Hurricane Joaquin Seen Menacing U.S. East Coast Refineries

  • Threats to refineries near N.Y. Harbor can impact prices
  • Sandy in 2012 was last hurricane to batter U.S. East Coast

Energy traders are keeping an eye on Hurricane Joaquin because of the threat it poses to refineries along the U.S. East Coast.

The hurricane is seen passing off the New Jersey coast on Tuesday, according to the National Hurricane Center. There are three refineries in the state and another three nearby in the Philadelphia area and Delaware. East Coast production, distribution and demand was disrupted by Hurricane Sandy in October 2012.

Hurricane Joaquin heading toward U.S. East Coast refineries

"Hurricanes are bullish," John Kilduff, a partner at Again Capital LLC, a New York-based hedge fund, said by phone. "Whenever a hurricane forms, concern is usually focused on the Gulf of Mexico and the production and refining concentrated in the region, but the Mid-Atlantic region is another major refining center and is a significant source of gasoline to New York Harbor where futures are delivered."

The hurricane’s top winds were 130 miles (210 kilometers) an hour and it was 70 miles south of San Salvador, Bahamas, at 2 p.m. New York time, the National Hurricane Center said in an advisory. The official track shifted away from the U.S. mainland overnight; however, a strike on the East Coast as early as Sunday is still possible.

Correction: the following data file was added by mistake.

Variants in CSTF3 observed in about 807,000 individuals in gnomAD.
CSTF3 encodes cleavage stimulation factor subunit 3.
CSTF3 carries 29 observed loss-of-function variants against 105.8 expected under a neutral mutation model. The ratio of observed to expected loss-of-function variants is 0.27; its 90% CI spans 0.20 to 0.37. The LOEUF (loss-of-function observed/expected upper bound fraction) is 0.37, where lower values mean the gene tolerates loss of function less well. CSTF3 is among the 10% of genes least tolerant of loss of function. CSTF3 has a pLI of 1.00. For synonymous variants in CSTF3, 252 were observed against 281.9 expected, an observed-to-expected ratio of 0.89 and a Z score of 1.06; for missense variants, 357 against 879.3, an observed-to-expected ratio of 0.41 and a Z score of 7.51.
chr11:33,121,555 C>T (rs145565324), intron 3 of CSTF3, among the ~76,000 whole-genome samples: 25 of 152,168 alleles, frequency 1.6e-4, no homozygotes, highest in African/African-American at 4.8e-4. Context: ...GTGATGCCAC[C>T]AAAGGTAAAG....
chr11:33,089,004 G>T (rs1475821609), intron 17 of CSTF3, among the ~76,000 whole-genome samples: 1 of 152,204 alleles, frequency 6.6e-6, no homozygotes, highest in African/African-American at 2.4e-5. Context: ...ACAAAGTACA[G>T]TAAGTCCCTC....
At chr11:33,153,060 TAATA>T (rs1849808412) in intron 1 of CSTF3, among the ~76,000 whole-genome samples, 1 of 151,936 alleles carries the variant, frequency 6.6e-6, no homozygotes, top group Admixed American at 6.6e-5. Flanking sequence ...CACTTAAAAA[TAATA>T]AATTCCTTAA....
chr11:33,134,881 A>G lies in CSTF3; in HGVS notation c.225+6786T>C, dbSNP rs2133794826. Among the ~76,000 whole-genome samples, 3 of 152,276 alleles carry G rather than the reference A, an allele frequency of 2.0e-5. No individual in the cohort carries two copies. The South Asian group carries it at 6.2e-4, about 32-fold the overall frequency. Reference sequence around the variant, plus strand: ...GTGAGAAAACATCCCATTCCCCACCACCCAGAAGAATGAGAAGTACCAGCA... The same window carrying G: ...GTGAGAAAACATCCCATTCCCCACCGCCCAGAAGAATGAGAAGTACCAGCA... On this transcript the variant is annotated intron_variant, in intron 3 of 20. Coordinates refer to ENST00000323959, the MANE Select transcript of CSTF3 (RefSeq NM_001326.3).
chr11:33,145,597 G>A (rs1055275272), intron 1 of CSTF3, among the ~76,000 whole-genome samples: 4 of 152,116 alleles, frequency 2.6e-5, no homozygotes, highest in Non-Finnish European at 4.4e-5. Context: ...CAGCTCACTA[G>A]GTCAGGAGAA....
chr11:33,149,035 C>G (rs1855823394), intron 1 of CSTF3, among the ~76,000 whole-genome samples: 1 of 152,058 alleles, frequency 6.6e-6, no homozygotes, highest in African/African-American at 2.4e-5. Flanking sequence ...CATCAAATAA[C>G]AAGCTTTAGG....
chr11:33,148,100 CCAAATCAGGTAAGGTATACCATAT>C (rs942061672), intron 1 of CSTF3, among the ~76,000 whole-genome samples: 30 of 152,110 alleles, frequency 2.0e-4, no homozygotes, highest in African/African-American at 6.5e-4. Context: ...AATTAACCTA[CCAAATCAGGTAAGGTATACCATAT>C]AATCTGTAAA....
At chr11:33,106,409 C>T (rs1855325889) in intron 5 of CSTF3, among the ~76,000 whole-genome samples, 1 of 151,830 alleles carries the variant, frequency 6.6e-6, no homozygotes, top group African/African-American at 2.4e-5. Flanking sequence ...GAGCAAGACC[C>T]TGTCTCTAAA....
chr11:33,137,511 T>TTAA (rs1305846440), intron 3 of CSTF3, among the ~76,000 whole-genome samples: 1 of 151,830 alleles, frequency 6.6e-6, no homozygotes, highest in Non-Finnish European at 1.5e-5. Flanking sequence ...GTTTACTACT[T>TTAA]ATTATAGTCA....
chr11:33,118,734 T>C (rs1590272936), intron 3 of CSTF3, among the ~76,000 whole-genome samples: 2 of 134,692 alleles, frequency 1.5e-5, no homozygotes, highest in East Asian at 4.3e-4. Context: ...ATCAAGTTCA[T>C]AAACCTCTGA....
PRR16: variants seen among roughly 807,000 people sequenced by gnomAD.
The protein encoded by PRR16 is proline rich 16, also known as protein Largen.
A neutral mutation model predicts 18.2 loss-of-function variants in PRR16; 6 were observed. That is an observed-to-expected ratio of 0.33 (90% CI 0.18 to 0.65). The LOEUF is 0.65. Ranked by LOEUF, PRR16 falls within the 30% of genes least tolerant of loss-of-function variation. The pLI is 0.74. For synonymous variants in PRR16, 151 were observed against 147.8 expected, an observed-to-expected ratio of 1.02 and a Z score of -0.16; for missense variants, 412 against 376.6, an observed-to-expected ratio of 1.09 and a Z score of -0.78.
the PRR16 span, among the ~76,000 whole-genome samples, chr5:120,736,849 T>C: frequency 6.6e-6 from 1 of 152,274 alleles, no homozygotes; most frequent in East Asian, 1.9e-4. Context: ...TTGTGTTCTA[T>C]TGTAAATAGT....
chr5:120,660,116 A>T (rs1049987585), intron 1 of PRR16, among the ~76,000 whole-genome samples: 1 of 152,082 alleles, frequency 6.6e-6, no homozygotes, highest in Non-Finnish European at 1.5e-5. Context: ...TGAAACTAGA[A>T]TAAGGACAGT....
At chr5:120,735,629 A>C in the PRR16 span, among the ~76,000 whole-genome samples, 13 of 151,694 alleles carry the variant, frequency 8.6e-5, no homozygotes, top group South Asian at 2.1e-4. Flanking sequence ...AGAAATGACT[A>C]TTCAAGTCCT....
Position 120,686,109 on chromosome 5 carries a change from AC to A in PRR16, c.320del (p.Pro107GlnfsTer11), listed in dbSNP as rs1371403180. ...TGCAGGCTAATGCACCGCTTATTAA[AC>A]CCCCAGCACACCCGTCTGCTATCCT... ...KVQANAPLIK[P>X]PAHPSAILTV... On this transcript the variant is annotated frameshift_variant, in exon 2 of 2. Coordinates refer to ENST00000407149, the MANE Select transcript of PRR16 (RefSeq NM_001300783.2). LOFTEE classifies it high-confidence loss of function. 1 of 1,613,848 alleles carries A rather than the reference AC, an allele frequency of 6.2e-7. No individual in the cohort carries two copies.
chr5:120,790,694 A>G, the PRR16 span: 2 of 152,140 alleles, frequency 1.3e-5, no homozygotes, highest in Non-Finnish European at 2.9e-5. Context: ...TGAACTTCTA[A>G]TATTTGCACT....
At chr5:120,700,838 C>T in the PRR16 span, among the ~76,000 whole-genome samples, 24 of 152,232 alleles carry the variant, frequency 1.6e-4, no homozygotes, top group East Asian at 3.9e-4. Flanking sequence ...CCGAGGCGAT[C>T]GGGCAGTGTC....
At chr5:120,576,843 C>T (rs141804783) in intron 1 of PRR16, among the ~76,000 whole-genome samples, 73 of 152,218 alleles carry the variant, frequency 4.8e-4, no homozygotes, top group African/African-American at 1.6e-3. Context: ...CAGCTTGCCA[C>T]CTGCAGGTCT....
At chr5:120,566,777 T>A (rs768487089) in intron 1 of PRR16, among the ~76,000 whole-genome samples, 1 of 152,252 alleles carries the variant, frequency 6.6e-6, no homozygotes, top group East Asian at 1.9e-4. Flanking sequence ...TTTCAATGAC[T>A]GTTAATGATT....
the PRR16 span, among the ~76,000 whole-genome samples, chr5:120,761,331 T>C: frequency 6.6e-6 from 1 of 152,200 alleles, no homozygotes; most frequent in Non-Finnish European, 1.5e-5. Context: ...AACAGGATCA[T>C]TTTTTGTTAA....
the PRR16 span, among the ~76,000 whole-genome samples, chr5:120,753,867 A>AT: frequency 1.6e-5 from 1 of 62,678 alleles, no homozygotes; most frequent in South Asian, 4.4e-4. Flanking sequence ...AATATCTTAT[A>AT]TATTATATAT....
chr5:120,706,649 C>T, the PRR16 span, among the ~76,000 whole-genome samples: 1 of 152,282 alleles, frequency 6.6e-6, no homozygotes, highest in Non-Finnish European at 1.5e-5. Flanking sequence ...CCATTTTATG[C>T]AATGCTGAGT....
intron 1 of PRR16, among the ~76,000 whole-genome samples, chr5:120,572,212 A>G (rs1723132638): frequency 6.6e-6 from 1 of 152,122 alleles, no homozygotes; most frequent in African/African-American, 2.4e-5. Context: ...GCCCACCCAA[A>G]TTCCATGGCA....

Potential Impact

"You can expect evacuation-related fuel demand, hoarding and of course there’s a major impact if any refineries are knocked offline," Kyle Cooper, director of research with IAF Advisors and Cypress Energy Capital Management in Houston, said by phone.

West Texas Intermediate oil for November delivery fell 35 cents, or 0.8 percent, to close at $44.74 a barrel on the New York Mercantile Exchange, after earlier rising as much as 4.5 percent. November gasoline futures were little changed at about $1.3668 a gallon.

"You would expect that reduced demand from refineries would lower crude prices, but usually the rise in gasoline and diesel prices is more than enough to pull crude higher," Kilduff said.

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